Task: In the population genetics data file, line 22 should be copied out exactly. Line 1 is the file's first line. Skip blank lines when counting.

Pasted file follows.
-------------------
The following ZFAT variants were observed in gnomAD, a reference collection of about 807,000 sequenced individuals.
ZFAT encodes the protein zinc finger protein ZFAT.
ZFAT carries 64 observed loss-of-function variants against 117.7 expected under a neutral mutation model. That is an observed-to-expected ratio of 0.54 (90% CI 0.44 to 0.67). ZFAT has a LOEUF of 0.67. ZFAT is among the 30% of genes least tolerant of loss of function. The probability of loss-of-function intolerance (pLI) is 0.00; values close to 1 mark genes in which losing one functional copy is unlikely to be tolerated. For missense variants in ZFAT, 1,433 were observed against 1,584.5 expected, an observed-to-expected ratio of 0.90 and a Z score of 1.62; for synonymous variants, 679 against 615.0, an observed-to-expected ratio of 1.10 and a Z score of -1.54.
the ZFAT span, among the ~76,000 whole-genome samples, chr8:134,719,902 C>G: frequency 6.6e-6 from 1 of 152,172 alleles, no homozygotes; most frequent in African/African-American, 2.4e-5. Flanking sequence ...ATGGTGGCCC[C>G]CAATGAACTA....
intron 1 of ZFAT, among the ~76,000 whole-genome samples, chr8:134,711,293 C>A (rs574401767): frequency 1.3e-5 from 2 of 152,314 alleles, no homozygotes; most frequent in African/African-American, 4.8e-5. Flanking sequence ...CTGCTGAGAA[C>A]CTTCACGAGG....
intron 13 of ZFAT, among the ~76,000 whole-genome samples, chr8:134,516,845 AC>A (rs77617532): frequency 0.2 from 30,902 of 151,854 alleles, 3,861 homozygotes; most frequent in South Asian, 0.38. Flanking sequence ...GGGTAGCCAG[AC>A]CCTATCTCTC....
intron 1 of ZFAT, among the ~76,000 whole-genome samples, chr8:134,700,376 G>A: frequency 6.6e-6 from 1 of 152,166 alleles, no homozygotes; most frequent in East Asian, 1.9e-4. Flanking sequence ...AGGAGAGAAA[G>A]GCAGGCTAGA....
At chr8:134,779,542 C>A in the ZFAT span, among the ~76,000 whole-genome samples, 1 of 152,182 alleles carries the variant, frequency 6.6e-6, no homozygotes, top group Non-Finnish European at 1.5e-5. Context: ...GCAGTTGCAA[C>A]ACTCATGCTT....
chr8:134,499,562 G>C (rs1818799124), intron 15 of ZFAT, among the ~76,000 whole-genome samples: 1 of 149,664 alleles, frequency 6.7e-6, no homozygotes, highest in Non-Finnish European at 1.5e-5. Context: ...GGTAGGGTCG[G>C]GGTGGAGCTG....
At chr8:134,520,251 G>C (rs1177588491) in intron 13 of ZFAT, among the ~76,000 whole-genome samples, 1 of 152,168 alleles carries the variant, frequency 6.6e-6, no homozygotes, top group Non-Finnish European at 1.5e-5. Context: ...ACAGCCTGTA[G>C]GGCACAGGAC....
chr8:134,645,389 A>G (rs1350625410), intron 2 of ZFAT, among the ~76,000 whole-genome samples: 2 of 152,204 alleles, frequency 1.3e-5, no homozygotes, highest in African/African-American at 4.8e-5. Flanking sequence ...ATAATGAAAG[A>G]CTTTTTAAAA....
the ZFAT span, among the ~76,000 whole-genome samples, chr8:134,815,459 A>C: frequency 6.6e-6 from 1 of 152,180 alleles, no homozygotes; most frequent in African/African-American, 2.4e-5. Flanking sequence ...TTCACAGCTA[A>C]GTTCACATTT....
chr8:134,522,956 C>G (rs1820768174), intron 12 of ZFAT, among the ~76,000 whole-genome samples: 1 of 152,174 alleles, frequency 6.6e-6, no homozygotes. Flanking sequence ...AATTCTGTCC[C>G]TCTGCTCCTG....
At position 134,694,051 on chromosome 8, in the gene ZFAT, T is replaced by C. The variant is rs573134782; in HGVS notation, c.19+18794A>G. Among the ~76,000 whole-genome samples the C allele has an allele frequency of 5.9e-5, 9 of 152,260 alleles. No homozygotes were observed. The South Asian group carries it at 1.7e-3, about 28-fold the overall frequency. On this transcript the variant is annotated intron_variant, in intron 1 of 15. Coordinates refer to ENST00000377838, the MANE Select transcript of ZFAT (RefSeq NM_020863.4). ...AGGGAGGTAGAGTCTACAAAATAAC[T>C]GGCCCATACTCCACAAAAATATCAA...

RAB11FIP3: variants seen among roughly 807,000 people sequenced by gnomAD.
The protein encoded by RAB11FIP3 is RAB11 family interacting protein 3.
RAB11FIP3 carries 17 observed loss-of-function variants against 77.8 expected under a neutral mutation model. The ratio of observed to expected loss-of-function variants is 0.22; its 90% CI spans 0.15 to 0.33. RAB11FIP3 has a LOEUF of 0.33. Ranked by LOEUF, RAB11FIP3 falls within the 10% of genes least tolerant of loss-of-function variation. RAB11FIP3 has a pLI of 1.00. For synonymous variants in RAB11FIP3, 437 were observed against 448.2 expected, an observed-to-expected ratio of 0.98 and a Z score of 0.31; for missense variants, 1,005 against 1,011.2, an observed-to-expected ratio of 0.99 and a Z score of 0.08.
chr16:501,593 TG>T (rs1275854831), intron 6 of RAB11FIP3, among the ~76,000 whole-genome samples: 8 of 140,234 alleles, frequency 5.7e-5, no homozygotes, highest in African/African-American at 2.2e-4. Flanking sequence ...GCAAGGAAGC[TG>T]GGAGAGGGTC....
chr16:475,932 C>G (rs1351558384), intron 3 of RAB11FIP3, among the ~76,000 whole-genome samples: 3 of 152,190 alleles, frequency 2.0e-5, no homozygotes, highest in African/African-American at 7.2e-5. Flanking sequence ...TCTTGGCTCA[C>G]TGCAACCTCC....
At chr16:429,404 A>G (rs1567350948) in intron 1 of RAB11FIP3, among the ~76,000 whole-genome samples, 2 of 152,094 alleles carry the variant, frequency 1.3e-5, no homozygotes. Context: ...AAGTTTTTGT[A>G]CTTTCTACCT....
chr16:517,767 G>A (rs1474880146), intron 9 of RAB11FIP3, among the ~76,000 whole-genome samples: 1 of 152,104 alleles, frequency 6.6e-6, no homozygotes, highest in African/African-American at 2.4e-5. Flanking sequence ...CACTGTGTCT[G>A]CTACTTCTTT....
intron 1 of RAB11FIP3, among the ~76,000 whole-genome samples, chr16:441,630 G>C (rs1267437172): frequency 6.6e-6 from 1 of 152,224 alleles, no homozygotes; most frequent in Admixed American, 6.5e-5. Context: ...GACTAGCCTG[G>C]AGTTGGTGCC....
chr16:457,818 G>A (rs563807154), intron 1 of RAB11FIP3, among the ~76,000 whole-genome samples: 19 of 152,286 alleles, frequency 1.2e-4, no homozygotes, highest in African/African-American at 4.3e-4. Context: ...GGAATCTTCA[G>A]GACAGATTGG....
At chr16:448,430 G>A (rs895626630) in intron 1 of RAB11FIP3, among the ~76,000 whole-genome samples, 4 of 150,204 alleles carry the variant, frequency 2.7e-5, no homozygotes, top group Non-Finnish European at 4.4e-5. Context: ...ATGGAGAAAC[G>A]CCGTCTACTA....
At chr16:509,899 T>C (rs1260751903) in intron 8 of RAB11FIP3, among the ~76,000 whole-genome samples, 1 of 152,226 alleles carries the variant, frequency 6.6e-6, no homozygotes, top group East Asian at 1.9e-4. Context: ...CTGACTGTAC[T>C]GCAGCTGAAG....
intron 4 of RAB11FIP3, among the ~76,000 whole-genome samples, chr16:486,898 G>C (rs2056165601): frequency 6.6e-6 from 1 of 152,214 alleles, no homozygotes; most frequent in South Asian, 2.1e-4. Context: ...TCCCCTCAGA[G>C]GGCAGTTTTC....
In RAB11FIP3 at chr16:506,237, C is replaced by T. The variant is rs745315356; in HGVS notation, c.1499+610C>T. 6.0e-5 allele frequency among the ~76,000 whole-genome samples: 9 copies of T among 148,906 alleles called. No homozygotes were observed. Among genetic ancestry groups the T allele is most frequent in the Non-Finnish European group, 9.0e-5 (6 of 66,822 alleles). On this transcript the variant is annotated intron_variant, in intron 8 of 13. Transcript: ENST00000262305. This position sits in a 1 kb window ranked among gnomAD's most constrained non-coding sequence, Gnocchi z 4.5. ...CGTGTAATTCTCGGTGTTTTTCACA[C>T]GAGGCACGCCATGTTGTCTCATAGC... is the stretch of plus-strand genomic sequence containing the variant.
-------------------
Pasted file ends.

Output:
intron 1 of RAB11FIP3, among the ~76,000 whole-genome samples, chr16:441,630 G>C (rs1267437172): frequency 6.6e-6 from 1 of 152,224 alleles, no homozygotes; most frequent in Admixed American, 6.5e-5. Context: ...GACTAGCCTG[G>C]AGTTGGTGCC....